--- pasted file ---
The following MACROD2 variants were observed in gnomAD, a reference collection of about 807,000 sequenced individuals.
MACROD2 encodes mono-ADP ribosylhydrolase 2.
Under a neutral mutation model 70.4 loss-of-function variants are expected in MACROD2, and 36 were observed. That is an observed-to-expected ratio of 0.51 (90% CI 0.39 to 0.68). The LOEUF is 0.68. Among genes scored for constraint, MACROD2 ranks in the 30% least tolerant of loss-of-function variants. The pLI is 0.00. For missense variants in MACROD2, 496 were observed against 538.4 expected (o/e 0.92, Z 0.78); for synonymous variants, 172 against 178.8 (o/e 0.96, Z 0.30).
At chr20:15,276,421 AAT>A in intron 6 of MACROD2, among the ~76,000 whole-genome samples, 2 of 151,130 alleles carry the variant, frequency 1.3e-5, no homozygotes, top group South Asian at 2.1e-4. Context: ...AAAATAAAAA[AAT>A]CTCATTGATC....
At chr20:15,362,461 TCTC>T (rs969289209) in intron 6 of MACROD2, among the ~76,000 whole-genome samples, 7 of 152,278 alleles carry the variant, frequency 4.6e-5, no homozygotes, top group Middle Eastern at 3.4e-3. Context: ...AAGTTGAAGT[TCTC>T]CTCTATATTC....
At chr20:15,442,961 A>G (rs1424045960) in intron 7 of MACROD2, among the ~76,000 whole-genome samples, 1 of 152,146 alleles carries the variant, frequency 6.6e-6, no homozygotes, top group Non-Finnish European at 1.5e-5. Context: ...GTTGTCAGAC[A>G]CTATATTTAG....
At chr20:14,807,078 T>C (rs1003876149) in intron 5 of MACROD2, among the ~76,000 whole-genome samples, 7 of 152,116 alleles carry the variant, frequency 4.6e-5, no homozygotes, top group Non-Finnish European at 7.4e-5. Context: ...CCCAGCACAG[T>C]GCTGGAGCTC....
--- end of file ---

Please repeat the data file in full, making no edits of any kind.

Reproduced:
The following MACROD2 variants were observed in gnomAD, a reference collection of about 807,000 sequenced individuals.
MACROD2 encodes mono-ADP ribosylhydrolase 2.
Under a neutral mutation model 70.4 loss-of-function variants are expected in MACROD2, and 36 were observed. That is an observed-to-expected ratio of 0.51 (90% CI 0.39 to 0.68). The LOEUF is 0.68. Among genes scored for constraint, MACROD2 ranks in the 30% least tolerant of loss-of-function variants. The pLI is 0.00. For missense variants in MACROD2, 496 were observed against 538.4 expected (o/e 0.92, Z 0.78); for synonymous variants, 172 against 178.8 (o/e 0.96, Z 0.30).
At chr20:15,276,421 AAT>A in intron 6 of MACROD2, among the ~76,000 whole-genome samples, 2 of 151,130 alleles carry the variant, frequency 1.3e-5, no homozygotes, top group South Asian at 2.1e-4. Context: ...AAAATAAAAA[AAT>A]CTCATTGATC....
At chr20:15,362,461 TCTC>T (rs969289209) in intron 6 of MACROD2, among the ~76,000 whole-genome samples, 7 of 152,278 alleles carry the variant, frequency 4.6e-5, no homozygotes, top group Middle Eastern at 3.4e-3. Context: ...AAGTTGAAGT[TCTC>T]CTCTATATTC....
At chr20:15,442,961 A>G (rs1424045960) in intron 7 of MACROD2, among the ~76,000 whole-genome samples, 1 of 152,146 alleles carries the variant, frequency 6.6e-6, no homozygotes, top group Non-Finnish European at 1.5e-5. Context: ...GTTGTCAGAC[A>G]CTATATTTAG....
At chr20:14,807,078 T>C (rs1003876149) in intron 5 of MACROD2, among the ~76,000 whole-genome samples, 7 of 152,116 alleles carry the variant, frequency 4.6e-5, no homozygotes, top group Non-Finnish European at 7.4e-5. Context: ...CCCAGCACAG[T>C]GCTGGAGCTC....